This audit has limitations and the results should be interpreted with caution. Ascertainment bias may have influenced the results in that medical schools with intellectual disability content may have been more likely to take part. As data were collected remotely by self-report questionnaire, there may have been inflation in the reporting of the amount of intellectual disability teaching in the curricula, or, conversely, some details about the way the content was taught may not have been included. Further, as some questions were open-ended, they may have been interpreted differently by respondents. Forced choice questions may not have offered all possible response options. Finally, there were inconsistencies across medical schools regarding their course structure, and variable definitions of units of study that made direct comparisons of curricula across schools difficult. For future research, more details could be gathered about how people with intellectual disability were involved in teaching, and the nature of other teaching methods that were described (such as clinic days). Future audit surveys could also include items about whether other common teaching methods, such as inter-professional teaching, E-learning, or simulation (which no respondents mentioned) are utilised.

Educational implications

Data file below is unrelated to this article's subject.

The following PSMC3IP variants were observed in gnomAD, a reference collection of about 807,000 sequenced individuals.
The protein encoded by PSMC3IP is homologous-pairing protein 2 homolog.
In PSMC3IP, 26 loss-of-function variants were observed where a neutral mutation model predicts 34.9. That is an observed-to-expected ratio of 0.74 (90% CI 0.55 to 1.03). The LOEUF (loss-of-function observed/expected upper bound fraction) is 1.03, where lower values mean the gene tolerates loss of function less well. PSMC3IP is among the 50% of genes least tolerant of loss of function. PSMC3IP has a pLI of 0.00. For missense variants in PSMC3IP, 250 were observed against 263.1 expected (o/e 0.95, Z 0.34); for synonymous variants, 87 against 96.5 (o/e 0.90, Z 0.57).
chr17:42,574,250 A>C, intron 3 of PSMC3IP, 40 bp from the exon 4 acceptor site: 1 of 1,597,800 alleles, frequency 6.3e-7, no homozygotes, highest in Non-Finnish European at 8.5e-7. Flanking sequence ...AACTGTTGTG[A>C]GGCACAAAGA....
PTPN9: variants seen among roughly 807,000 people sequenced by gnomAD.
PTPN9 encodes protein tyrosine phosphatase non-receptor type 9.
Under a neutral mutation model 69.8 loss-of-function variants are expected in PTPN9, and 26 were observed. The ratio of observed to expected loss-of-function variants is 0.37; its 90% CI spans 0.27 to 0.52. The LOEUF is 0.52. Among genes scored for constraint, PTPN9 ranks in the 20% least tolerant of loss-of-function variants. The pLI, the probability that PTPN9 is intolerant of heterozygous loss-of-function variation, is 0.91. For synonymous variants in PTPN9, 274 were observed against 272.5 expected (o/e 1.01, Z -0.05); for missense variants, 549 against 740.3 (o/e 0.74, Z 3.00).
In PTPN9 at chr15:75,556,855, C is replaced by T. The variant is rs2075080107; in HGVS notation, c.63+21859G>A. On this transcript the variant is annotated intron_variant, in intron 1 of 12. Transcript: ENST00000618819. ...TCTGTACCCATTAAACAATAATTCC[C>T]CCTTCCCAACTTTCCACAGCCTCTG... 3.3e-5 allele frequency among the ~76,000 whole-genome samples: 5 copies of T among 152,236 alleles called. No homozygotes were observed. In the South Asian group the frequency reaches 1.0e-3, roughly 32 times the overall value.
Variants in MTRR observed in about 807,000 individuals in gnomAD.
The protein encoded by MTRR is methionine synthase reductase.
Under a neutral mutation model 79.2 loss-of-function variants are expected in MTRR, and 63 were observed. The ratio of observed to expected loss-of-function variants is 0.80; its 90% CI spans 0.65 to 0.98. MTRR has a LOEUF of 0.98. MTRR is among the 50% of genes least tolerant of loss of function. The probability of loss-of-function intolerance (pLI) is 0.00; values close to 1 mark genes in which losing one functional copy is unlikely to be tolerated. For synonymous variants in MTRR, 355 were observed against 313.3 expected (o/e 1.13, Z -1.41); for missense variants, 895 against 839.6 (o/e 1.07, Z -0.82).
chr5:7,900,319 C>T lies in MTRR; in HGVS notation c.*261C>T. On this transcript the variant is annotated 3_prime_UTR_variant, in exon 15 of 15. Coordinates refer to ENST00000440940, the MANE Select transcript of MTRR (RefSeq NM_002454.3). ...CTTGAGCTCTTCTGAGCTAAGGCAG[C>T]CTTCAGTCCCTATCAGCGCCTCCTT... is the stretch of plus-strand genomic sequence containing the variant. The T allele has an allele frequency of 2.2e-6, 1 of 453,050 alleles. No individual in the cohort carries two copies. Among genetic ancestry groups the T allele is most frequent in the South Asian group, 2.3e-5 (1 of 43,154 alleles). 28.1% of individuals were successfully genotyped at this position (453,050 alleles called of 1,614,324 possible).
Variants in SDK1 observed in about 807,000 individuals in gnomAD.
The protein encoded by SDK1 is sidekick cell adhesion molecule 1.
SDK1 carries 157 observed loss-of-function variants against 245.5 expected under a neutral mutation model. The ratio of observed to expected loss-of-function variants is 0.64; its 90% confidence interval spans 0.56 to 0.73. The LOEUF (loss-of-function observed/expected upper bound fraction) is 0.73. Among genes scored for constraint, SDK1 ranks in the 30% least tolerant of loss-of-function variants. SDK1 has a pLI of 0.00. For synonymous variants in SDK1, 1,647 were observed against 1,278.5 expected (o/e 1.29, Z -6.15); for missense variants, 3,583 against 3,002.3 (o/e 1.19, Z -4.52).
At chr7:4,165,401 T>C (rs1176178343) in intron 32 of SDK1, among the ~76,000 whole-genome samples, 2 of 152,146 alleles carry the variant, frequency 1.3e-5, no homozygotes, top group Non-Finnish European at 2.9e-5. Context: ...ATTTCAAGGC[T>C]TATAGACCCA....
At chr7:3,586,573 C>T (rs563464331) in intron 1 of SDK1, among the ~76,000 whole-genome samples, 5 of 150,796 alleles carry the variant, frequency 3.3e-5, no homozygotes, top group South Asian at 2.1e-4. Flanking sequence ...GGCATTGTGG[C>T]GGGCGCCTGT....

In light of the current findings, we urge medical schools to evaluate how they teach medical students about intellectual disability health, and take steps to incorporate varied methods that encourage self-directed learning, practical experience, and inclusive teaching [32, 34,35,36,37]. There is also a need for regulatory and accreditation organisations to advocate for more education in this area [57]. The authors aim to develop, evaluate and implement a national education framework toolkit for medical school programs with the goal of renewing curricula in intellectual disability physical and mental health. The framework would support medical students to develop the knowledge, skills, confidence, and attitudes to successfully work with people with intellectual disability by providing up to date, evidence-based teaching materials and methods to be incorporated into existing curricula. Areas requiring improvement include the greater involvement of people with intellectual disability in the teaching process, increased frequency of assessment of intellectual disability content, and ensuring that teaching methods are sufficiently diverse to accommodate different learning outcomes, rather than relying so heavily on didactic lecture formats.